Ernie Pyle was one of the most popular news reporters in the United States during World War II. He wrote about common soldiers, making use of his own upbringing in the tiny town of Dana, Indiana, to better understand them. Pyle died in combat in 1945, but his memory lives on in his childhood home and museum. But budget deficits in Indiana are forcing cuts, and the Ernie Pyle State Historic site is in the process of closing.
Dana, Indiana is off the beaten path.
The small farming town has a population of about 400. There isn't much to see here, except for one landmark that is the pride of this community.
"Ernie Pyle's significance to this small town - he's our famous son," said Tom Milligan.
Tom Milligan is a farmer from Dana, home of the Ernie Pyle State Historic Site.
"He made not only a significant contribution to this area, but I mean he made a significant contribution to journalism," he said.
Pyle left Dana around 1918 to join the Navy before pursuing a career in journalism that took him around the world.
Pyle's folksy style of writing focused on the average soldier, sailor, airman and Marine who fought in World War II. His articles were extremely popular in the United States, and earned him a Pulitzer Prize in 1944.
The site that honors him is situated in the center of Dana. Pyle's home was moved here in the 1970s from a location outside of town. The visitors center was added in 1998 through a grant from the Scripps Foundation. Pyle was a reporter for the Scripps Howard News Service.
Several fires that raged in Dana over the years left few buildings standing. One fire almost destroyed Pyle's site..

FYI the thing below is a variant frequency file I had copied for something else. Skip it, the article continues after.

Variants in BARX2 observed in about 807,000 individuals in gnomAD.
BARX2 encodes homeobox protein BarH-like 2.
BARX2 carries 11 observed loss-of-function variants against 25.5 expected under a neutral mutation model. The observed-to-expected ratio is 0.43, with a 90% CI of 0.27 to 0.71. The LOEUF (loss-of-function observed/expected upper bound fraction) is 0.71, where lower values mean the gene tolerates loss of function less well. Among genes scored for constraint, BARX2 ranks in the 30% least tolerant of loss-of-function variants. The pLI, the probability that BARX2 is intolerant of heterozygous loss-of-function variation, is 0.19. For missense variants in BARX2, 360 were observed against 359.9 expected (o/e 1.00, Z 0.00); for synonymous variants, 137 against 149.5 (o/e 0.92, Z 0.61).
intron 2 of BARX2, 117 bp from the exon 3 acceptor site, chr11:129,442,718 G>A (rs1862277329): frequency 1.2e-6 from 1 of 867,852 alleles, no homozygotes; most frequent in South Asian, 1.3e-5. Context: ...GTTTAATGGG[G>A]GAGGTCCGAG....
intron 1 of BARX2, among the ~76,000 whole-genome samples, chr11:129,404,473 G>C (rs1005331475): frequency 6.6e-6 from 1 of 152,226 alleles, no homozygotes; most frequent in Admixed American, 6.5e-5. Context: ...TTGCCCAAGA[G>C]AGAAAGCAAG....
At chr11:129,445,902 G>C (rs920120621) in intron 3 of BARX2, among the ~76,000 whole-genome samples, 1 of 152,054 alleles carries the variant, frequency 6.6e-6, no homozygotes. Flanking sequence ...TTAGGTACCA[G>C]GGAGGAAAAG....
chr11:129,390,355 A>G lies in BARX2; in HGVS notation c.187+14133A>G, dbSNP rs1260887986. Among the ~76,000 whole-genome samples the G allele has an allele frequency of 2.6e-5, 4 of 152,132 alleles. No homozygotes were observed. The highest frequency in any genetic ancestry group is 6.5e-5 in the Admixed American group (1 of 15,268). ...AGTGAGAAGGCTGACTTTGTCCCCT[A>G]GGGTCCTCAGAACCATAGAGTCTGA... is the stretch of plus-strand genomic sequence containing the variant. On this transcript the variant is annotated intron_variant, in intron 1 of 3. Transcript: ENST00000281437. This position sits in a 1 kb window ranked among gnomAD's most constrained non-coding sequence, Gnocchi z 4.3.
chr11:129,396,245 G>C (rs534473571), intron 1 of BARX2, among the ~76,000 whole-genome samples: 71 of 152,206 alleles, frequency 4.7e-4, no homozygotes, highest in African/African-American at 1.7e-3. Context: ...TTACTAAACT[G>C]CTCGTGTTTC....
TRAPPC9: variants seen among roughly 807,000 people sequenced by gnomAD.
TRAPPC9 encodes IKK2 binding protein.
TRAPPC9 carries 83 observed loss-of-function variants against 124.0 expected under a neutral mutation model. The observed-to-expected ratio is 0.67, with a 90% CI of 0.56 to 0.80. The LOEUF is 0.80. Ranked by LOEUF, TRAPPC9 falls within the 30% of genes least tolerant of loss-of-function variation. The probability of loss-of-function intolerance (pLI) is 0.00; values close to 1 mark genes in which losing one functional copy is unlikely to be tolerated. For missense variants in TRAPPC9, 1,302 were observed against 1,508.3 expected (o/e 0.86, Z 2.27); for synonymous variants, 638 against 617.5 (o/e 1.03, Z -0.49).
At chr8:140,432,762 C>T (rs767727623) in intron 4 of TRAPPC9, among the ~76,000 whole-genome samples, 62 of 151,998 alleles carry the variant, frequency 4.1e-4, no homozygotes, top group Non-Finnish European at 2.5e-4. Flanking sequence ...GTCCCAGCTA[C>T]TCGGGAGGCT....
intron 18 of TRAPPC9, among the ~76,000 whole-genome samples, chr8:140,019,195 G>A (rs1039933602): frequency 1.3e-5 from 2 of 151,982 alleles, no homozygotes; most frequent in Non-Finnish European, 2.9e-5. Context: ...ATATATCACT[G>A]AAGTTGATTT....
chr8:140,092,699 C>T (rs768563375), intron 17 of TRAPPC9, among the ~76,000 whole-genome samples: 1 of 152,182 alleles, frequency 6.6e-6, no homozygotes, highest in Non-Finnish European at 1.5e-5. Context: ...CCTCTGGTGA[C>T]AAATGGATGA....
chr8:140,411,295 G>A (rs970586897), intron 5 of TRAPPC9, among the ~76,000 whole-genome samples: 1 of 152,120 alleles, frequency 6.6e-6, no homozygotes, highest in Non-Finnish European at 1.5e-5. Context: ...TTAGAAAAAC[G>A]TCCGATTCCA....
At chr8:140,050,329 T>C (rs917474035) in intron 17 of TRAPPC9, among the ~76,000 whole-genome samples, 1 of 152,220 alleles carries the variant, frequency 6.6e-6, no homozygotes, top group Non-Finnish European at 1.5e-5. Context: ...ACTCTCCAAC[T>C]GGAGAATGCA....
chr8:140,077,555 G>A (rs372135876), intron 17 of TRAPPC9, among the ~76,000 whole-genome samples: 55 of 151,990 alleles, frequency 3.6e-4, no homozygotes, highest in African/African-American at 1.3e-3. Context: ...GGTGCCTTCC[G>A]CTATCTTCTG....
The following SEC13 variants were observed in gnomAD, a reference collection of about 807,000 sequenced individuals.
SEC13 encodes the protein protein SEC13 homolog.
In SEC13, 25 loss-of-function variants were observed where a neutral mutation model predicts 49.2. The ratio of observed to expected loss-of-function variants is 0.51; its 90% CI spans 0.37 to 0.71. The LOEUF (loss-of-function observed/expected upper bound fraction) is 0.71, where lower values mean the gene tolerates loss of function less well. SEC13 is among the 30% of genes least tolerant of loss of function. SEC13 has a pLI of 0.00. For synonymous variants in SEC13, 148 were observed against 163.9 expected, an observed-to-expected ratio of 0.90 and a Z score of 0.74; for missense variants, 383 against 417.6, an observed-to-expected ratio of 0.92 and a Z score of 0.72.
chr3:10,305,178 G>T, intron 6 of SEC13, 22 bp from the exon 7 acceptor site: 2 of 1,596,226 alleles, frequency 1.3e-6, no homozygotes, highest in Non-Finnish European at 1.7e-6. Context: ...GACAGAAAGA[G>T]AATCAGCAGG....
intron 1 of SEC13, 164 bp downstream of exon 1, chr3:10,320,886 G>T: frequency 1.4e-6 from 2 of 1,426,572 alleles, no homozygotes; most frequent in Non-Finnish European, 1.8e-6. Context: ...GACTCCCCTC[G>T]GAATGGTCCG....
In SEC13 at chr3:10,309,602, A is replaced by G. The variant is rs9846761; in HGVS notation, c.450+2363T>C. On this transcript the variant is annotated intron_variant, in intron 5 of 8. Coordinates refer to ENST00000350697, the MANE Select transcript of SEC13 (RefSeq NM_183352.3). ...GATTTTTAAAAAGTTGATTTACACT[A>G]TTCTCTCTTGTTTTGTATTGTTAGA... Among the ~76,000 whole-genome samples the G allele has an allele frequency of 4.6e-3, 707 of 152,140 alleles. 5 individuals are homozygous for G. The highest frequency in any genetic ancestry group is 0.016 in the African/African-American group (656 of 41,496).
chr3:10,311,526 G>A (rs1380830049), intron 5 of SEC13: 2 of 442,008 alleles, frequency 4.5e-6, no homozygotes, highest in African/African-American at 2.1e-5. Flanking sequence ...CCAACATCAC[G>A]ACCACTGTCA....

But what the fires could not take from Dana, the latest economic recession might.
"Indiana, like most other states, is experiencing some real budget issues currently, and so the Ernie Pyle site, unfortunately, has been closed due to those budget issues," said Bruce Beesley.
Bruce Beesley is the regional manager of the State Historic Sites of Indiana.
"Unfortunately it comes down to one particular place, one particular occasion where we made our cuts," said Bruce Beesley.
The doors to the home and visitor center have been locked since the beginning of the year. Beesley says there aren't enough visitors to justify its operating expenses. The state of Indiana wants to move some of the historic artifacts to other museums around the state.
Phil Hess is the director of the Friends of Ernie Pyle, a group dedicated to preserving Pyle's legacy and his historic site. He believes no other site represents Pyle better than his Dana home.
"We feel this is the best place to have an interpretation of Ernie Pyle's work because it's concentrated," said Phil Hess. "It's spaced out enough, it gives examples of his writing through the whole war period from start to end."
The state of Indiana would ultimately like to see the site funded and operated by town or county governments, or the Friends group.
"I'm not sure that if it comes to local ownership, that the existence would be guaranteed for very long," said Hess. "With the state, if it had assumed what I think is its responsibility, it would last forever, and that is our hope."
The Indiana Natural Resources Commission has ultimate authority over the fate of the site. They have delayed until the fall a decision whether to permanently close the site.
The Friends of Ernie Pyle group hopes that is enough time to win support from Indiana Governor Mitch Daniels to re-open the site, and keep Pyle's memory alive in the town of Dana.